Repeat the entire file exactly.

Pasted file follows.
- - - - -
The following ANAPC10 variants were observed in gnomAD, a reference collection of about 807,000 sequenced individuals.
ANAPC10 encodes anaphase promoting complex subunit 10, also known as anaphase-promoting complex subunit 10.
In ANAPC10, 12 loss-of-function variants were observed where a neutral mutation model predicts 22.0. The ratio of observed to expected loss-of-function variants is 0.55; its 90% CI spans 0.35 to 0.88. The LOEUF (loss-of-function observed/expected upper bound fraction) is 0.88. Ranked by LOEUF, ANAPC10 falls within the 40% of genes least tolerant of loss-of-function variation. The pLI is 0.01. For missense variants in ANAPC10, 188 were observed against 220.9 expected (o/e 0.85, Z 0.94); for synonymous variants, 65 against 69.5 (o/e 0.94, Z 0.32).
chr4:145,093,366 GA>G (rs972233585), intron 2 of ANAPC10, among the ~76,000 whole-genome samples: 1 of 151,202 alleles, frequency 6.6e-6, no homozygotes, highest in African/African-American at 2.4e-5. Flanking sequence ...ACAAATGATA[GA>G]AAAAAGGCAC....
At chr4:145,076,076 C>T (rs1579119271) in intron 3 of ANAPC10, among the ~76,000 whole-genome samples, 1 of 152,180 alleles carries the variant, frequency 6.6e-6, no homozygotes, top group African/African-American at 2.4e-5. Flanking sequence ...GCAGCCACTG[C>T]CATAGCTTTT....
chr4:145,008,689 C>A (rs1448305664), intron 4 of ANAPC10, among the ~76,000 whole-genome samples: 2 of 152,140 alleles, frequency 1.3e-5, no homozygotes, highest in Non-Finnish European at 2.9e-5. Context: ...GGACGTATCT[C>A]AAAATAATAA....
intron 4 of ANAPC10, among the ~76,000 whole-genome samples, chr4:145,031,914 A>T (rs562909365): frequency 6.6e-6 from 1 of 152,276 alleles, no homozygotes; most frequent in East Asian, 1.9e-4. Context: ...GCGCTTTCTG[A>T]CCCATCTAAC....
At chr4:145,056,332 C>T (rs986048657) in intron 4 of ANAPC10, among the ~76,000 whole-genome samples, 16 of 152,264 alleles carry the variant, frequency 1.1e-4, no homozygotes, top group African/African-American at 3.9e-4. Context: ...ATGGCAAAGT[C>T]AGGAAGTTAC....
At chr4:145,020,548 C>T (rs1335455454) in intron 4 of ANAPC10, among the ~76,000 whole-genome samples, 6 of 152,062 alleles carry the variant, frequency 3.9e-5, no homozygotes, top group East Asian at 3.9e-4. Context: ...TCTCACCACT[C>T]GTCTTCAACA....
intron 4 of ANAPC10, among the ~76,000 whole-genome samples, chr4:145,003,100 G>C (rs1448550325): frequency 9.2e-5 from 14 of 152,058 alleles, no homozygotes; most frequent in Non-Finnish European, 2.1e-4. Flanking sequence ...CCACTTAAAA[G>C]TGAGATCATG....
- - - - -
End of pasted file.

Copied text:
The following ANAPC10 variants were observed in gnomAD, a reference collection of about 807,000 sequenced individuals.
ANAPC10 encodes anaphase promoting complex subunit 10, also known as anaphase-promoting complex subunit 10.
In ANAPC10, 12 loss-of-function variants were observed where a neutral mutation model predicts 22.0. The ratio of observed to expected loss-of-function variants is 0.55; its 90% CI spans 0.35 to 0.88. The LOEUF (loss-of-function observed/expected upper bound fraction) is 0.88. Ranked by LOEUF, ANAPC10 falls within the 40% of genes least tolerant of loss-of-function variation. The pLI is 0.01. For missense variants in ANAPC10, 188 were observed against 220.9 expected (o/e 0.85, Z 0.94); for synonymous variants, 65 against 69.5 (o/e 0.94, Z 0.32).
chr4:145,093,366 GA>G (rs972233585), intron 2 of ANAPC10, among the ~76,000 whole-genome samples: 1 of 151,202 alleles, frequency 6.6e-6, no homozygotes, highest in African/African-American at 2.4e-5. Flanking sequence ...ACAAATGATA[GA>G]AAAAAGGCAC....
At chr4:145,076,076 C>T (rs1579119271) in intron 3 of ANAPC10, among the ~76,000 whole-genome samples, 1 of 152,180 alleles carries the variant, frequency 6.6e-6, no homozygotes, top group African/African-American at 2.4e-5. Flanking sequence ...GCAGCCACTG[C>T]CATAGCTTTT....
chr4:145,008,689 C>A (rs1448305664), intron 4 of ANAPC10, among the ~76,000 whole-genome samples: 2 of 152,140 alleles, frequency 1.3e-5, no homozygotes, highest in Non-Finnish European at 2.9e-5. Context: ...GGACGTATCT[C>A]AAAATAATAA....
intron 4 of ANAPC10, among the ~76,000 whole-genome samples, chr4:145,031,914 A>T (rs562909365): frequency 6.6e-6 from 1 of 152,276 alleles, no homozygotes; most frequent in East Asian, 1.9e-4. Context: ...GCGCTTTCTG[A>T]CCCATCTAAC....
At chr4:145,056,332 C>T (rs986048657) in intron 4 of ANAPC10, among the ~76,000 whole-genome samples, 16 of 152,264 alleles carry the variant, frequency 1.1e-4, no homozygotes, top group African/African-American at 3.9e-4. Context: ...ATGGCAAAGT[C>T]AGGAAGTTAC....
At chr4:145,020,548 C>T (rs1335455454) in intron 4 of ANAPC10, among the ~76,000 whole-genome samples, 6 of 152,062 alleles carry the variant, frequency 3.9e-5, no homozygotes, top group East Asian at 3.9e-4. Context: ...TCTCACCACT[C>T]GTCTTCAACA....
intron 4 of ANAPC10, among the ~76,000 whole-genome samples, chr4:145,003,100 G>C (rs1448550325): frequency 9.2e-5 from 14 of 152,058 alleles, no homozygotes; most frequent in Non-Finnish European, 2.1e-4. Flanking sequence ...CCACTTAAAA[G>C]TGAGATCATG....